Here’s an example to help clarify. You receive an inflammatory email from someone. Let’s say the sender uses terse language and accuses you of doing something wrong that you didn’t actually do. You could react – by immediately hitting the reply button in the heat of anger and indignation and defending yourself with an equally harsh tone and sharp words… and click SEND.
Or you could feel your initial emotions and reaction (it’s nearly impossible to avoid feeling that initial reaction), and then pause, for a few seconds, minutes, or even days. You could give yourself a hot minute to process your reaction, to settle down, to gain perspective, to consider the healthiest way for yourself to feel and then, you respond.
See the difference? When you react, you don’t have much control. You’re letting your emotions and initial reflexes to make choices for you in what to do next, and about how to feel about it.
When you take a minute to let your reaction settle, then you’re back in control of how you respond.
Maybe, the best option for you is no response at all. Or maybe you will decide the best course of action is to reply with much less explanation and engagement.
Taking pause to digest and to decide how you will respond to change is not to protect anyone but yourself. By being mindful about how you choose to engage and expend your energy, you are making decisions that will ultimately hurt or help you. Your peace, your wellness, your choice to let go or your need to hold on to your emotions makes a huge difference to your state of mind and your energy – and btw, also affects your blood pressure, your level of anxiety, your heart and respiration rate, as well as your tolerance and patience for those you love. It’s all connected!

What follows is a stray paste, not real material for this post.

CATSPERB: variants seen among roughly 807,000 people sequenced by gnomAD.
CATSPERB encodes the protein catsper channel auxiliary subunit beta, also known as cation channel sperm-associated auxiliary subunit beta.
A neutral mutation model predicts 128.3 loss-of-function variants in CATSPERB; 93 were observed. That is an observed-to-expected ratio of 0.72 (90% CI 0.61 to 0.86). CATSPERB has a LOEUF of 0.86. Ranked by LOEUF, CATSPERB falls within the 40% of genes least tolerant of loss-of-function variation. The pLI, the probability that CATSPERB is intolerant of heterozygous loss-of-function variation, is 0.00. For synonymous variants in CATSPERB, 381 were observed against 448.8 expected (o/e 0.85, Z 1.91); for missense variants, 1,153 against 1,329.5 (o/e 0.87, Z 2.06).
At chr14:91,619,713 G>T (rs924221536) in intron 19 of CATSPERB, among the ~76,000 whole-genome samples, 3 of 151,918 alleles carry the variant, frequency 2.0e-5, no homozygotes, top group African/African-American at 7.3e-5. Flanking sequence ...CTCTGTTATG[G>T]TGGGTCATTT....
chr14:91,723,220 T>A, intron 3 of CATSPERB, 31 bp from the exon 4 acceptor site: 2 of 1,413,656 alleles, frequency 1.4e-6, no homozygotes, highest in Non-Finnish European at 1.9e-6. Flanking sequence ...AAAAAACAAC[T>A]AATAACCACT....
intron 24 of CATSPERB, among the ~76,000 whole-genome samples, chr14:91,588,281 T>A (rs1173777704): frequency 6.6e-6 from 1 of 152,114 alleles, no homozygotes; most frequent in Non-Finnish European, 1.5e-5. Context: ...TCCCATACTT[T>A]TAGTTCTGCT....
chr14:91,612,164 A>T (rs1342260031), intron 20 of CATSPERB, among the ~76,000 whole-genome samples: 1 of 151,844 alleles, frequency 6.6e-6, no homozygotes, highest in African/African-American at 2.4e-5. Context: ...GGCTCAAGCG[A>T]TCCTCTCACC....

We don’t have much choice over how we feel when we are in the initial react mode to whatever unexpected change has arrived in our life. But we have every bit of control over how we choose to respond.
And that leads me to the power of letting go and moving on.
Letting go of emotions and of expectations of how we wanted life to go is a part of the process of how we respond. We do need to feel all the feelings, to sit in the pain, loss, agony, fear, anxiety, sadness… but the period of reacting is limited. After reaction, we can choose to dwell longer in those disappointments and in that grief over the way things were and no longer are, or we can decide to start letting go.
Holding on too tightly to the past (which was both two minutes ago or twenty years ago) strangles our ability to make choices that help us grow, expand, learn, and embrace the future (which is happening every single minute).
You are suffering from the changes. I hear you, me too. All of us are. Change is happening to every single one of us, at all times, whether you notice it or not. I know each of us feels like we are facing changes that are worse than anyone else’s. But it’s not a competition. You won’t get a ribbon or award for being in the absolute worst “change situation” ever.